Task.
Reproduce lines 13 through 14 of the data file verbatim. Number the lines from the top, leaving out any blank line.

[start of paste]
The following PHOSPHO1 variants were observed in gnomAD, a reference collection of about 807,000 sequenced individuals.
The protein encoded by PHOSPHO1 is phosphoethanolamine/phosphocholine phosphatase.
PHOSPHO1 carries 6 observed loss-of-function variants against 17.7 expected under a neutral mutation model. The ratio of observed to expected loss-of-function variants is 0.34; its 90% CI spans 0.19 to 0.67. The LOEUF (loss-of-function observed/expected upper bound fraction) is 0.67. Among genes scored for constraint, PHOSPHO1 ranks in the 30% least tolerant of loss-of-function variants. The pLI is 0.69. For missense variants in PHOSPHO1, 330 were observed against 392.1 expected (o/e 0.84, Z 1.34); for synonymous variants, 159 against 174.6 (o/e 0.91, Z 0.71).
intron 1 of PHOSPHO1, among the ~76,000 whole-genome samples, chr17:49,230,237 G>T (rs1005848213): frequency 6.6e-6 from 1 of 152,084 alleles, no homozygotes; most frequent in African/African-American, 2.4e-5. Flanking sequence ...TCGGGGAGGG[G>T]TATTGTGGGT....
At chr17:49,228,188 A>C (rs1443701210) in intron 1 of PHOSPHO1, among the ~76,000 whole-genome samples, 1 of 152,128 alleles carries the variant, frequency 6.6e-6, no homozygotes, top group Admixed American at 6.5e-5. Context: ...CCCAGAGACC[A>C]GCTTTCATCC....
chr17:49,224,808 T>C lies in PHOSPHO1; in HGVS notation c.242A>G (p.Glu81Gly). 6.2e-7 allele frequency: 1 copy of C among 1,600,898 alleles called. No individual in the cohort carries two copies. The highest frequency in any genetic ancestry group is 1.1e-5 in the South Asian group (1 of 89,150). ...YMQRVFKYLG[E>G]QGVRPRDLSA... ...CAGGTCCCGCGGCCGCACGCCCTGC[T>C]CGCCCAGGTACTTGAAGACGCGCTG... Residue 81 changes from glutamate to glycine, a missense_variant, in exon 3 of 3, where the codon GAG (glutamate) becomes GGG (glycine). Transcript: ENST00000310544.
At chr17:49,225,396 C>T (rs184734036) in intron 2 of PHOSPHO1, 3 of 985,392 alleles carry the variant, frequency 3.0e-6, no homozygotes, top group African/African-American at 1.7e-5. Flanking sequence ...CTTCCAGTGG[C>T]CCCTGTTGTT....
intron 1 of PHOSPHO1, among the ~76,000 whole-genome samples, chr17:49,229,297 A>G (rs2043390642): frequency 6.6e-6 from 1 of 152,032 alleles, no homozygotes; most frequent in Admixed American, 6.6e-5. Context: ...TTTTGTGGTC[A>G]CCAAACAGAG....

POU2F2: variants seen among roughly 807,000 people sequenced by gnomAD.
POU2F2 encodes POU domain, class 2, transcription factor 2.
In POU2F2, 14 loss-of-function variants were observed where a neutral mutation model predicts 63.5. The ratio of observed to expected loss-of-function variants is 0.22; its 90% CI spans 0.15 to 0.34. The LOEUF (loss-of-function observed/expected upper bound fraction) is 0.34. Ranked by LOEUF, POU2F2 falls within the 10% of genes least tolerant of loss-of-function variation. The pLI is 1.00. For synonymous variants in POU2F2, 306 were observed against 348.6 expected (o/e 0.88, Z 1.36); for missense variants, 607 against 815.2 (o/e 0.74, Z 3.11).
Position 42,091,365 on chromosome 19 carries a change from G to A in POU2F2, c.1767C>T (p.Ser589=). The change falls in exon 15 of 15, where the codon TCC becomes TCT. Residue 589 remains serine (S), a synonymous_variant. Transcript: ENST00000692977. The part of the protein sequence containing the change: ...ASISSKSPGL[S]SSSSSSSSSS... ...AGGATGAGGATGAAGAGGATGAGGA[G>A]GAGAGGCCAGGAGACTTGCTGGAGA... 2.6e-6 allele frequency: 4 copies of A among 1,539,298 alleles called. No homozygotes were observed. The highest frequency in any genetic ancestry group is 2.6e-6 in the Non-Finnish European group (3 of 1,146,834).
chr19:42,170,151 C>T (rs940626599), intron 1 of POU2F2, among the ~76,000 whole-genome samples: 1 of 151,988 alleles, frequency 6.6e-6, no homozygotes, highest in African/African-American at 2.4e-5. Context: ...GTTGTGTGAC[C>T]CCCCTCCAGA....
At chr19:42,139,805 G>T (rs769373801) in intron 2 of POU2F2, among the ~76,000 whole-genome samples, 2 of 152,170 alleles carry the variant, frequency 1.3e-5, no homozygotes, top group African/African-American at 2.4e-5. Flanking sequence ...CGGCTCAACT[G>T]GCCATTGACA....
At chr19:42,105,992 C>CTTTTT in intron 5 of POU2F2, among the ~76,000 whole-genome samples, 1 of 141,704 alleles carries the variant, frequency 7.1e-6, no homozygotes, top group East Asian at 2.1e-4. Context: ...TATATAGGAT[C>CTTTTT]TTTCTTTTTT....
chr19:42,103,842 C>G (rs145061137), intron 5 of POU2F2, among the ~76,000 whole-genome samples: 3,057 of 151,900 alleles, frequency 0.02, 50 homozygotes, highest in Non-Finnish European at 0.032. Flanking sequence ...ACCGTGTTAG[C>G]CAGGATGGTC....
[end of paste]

chr19:42,170,151 C>T (rs940626599), intron 1 of POU2F2, among the ~76,000 whole-genome samples: 1 of 151,988 alleles, frequency 6.6e-6, no homozygotes, highest in African/African-American at 2.4e-5. Context: ...GTTGTGTGAC[C>T]CCCCTCCAGA....
At chr19:42,139,805 G>T (rs769373801) in intron 2 of POU2F2, among the ~76,000 whole-genome samples, 2 of 152,170 alleles carry the variant, frequency 1.3e-5, no homozygotes, top group African/African-American at 2.4e-5. Flanking sequence ...CGGCTCAACT[G>T]GCCATTGACA....